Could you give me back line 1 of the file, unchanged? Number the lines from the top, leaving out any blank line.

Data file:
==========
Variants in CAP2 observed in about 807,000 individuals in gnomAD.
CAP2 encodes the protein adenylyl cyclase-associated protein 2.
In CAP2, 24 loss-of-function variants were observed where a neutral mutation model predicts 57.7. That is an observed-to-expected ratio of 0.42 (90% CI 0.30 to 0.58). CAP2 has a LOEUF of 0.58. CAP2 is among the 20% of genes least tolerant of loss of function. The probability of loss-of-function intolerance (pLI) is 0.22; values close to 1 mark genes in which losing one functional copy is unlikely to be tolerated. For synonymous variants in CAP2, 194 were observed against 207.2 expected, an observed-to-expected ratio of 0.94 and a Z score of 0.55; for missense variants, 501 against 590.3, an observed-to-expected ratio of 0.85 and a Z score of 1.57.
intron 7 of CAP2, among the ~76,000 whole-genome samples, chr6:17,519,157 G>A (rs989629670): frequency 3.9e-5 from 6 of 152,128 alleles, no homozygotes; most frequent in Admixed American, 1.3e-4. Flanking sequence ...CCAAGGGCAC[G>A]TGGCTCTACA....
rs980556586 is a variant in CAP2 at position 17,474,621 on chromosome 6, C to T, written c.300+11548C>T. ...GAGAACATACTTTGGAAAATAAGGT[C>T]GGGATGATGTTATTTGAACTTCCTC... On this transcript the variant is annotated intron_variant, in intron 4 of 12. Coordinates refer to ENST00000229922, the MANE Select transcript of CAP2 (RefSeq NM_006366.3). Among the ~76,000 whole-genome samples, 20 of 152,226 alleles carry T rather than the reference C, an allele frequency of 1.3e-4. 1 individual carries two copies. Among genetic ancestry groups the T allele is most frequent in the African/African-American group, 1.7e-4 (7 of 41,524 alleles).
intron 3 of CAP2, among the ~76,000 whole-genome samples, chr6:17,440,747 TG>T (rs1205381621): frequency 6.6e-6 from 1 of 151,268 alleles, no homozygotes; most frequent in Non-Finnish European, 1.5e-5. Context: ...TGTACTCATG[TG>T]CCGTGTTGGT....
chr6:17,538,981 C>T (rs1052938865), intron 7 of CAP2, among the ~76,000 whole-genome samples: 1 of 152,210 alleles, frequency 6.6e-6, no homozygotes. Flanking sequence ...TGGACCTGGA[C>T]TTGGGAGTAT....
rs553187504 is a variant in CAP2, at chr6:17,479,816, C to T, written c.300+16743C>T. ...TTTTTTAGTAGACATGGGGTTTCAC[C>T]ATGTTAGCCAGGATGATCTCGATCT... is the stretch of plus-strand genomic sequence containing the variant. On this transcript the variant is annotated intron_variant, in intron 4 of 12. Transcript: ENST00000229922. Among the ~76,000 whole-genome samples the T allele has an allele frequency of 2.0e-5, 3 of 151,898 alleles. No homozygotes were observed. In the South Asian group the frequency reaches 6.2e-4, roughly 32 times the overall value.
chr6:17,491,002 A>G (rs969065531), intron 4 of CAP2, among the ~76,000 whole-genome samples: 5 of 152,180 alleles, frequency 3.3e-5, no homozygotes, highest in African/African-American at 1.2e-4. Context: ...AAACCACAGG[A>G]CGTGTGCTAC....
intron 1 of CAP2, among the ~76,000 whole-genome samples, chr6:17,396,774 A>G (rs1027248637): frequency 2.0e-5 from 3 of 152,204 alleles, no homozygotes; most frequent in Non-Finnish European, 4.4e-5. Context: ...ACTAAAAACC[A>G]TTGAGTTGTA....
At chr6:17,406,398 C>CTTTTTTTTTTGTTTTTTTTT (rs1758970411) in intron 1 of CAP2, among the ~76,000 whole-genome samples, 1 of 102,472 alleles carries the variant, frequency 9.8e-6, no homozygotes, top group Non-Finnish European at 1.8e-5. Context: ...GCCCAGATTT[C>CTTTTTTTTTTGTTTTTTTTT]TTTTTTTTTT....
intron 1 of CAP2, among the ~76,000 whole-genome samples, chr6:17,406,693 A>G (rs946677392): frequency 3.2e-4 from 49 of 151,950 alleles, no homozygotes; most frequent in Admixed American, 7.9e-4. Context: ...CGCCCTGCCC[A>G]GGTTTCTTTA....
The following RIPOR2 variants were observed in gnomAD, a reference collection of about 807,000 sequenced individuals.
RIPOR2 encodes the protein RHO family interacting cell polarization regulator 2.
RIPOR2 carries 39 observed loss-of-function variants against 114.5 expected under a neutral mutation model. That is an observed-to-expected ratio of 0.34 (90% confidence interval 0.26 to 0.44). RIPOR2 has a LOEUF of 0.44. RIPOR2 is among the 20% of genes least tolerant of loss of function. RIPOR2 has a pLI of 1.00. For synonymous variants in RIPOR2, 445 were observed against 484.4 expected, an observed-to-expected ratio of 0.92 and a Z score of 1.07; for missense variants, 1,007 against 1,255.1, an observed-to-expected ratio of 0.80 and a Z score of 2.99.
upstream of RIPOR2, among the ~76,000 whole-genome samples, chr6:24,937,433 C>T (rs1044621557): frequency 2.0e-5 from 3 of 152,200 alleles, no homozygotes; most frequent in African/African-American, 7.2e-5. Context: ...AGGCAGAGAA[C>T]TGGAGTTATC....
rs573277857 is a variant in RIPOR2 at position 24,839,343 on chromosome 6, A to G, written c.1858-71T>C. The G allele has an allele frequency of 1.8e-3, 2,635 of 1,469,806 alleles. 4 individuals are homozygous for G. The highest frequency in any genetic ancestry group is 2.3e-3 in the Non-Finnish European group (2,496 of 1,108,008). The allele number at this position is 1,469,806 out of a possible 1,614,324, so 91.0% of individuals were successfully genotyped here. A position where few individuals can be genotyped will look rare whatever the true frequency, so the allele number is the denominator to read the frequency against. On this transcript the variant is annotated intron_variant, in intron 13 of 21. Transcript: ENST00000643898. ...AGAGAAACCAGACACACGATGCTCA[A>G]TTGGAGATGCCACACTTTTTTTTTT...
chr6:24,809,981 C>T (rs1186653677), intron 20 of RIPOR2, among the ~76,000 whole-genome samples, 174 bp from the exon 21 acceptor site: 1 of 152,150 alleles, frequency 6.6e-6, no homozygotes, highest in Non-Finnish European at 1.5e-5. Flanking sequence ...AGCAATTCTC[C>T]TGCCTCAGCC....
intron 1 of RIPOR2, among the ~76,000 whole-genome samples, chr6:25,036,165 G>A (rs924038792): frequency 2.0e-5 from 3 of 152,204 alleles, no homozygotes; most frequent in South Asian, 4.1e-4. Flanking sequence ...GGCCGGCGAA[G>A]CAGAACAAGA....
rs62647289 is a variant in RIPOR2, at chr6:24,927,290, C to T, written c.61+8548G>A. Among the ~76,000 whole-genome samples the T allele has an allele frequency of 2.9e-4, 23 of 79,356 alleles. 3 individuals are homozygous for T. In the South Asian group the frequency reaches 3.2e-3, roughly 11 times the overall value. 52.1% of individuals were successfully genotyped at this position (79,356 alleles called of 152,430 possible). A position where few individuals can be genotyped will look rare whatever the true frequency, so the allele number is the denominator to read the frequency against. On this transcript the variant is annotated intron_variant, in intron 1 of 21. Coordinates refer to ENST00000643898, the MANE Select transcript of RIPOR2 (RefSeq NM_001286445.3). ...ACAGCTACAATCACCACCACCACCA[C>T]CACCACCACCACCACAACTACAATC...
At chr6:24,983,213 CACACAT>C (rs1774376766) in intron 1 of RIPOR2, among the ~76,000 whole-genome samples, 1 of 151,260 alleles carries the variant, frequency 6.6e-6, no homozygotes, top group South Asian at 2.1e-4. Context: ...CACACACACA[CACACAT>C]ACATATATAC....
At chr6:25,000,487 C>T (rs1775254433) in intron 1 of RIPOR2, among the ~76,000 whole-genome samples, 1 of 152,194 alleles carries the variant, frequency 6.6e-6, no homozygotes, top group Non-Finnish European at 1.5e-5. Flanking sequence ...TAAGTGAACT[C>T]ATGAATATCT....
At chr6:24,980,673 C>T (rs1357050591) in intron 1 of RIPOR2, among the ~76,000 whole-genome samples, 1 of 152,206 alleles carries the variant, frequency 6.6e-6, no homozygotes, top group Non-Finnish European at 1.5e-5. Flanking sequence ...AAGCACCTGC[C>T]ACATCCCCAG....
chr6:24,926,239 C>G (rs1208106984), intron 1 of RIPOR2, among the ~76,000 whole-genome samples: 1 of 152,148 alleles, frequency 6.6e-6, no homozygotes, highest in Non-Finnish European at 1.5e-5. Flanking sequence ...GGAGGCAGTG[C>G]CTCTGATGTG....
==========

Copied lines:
Variants in CAP2 observed in about 807,000 individuals in gnomAD.